Post-racial rhetoric, racial health disparities, and health disparity consequences of stigma, stress, and racism
Persistent disparate health outcomes between black and white Americans are a major contributor to the United States’ poor performance on international measures of health. These disparities cannot be explained by socioeconomic status alone. While health outcomes generally improve with socioeconomic status, the disparity in health outcomes between black and white Americans not only persists but often worsens with higher socioeconomic status."
In his new working paper, "Post-racial rhetoric, racial health disparities, and health disparity consequences of stigma, stress, and racism,” Professor Darrick Hamilton, Associate Director of Cook Center; Co-Investigator of the National Asset Scorecard for Communities of Color (NASCC) Project and Associate Professor of Economics and Urban Policy, Milano School of International Affairs, Management and Urban Policy & Department of Economics, New School for Social Research, explores this paradox, placing it within the context of neoliberal rhetoric and the political narrative that the United States has entered a “post-racial” era, and I propose a new framework for empirical research to explore and explain this trend.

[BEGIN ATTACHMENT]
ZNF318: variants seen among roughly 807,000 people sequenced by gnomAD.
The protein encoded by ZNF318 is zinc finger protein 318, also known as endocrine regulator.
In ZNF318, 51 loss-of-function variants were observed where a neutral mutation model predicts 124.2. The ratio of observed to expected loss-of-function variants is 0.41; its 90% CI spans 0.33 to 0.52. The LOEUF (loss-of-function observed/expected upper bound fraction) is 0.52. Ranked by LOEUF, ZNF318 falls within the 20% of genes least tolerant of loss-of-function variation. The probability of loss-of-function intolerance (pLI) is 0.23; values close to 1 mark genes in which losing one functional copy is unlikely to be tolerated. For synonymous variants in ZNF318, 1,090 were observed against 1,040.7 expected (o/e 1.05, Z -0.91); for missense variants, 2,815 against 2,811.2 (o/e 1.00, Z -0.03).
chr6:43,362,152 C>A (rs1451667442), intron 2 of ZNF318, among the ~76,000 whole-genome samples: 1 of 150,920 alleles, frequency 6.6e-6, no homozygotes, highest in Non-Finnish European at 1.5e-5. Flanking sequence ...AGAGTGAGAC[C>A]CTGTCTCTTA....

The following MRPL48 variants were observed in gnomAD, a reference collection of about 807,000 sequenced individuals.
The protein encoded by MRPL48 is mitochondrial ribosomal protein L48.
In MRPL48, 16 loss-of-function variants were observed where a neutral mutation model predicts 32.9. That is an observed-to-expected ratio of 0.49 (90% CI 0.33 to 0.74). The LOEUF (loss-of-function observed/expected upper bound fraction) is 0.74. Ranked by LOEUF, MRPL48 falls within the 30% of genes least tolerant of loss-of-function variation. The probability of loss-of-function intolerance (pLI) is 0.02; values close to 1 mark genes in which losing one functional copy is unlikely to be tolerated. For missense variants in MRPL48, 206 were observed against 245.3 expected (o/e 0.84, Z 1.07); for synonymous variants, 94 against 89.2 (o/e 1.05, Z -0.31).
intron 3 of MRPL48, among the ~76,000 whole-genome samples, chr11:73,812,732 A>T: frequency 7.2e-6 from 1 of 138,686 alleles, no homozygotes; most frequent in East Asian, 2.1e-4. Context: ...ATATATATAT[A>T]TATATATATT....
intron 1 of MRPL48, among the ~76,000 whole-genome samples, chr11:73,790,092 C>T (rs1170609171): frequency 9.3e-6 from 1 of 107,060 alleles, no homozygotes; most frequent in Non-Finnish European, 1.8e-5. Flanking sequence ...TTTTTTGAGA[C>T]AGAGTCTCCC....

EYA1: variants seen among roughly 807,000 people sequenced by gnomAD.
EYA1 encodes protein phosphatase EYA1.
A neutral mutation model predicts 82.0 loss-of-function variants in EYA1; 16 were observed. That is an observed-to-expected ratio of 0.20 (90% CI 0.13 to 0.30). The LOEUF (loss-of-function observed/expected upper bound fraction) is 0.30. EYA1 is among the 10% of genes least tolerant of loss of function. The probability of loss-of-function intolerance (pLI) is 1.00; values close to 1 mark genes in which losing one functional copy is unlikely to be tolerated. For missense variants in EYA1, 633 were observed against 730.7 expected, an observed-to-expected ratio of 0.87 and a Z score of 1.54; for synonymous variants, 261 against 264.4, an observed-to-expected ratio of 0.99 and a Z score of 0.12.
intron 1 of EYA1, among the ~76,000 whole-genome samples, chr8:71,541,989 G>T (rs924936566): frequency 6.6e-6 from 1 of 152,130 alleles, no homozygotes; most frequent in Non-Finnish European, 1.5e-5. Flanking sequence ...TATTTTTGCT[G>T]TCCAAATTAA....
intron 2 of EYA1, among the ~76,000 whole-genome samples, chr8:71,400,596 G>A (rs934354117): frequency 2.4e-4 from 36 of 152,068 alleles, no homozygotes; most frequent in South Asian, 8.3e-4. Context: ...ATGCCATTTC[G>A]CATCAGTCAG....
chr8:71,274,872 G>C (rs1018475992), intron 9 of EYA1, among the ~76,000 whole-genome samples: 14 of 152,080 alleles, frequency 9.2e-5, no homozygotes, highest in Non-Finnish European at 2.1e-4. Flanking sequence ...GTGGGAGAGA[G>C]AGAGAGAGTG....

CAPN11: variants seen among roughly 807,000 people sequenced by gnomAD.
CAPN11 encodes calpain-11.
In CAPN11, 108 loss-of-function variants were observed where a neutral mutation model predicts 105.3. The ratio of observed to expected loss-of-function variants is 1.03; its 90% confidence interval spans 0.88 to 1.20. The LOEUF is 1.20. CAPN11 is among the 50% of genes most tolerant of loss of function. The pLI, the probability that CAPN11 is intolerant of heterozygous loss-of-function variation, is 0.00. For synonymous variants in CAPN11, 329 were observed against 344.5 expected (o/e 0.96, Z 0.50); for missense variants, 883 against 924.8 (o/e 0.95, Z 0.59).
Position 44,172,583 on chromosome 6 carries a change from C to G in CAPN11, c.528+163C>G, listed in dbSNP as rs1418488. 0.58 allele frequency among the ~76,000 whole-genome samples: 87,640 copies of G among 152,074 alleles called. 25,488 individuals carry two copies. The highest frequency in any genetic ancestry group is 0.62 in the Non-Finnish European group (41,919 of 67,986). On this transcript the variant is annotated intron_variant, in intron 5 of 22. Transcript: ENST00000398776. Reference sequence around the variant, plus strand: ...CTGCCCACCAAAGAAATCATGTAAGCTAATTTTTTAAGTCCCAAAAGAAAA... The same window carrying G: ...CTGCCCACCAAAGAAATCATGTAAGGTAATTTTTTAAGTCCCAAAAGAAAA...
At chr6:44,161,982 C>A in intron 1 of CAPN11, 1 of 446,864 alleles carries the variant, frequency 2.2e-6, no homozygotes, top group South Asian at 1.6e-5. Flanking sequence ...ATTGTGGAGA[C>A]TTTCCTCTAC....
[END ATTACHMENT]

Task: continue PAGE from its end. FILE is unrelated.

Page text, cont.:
Read the full article and paper here.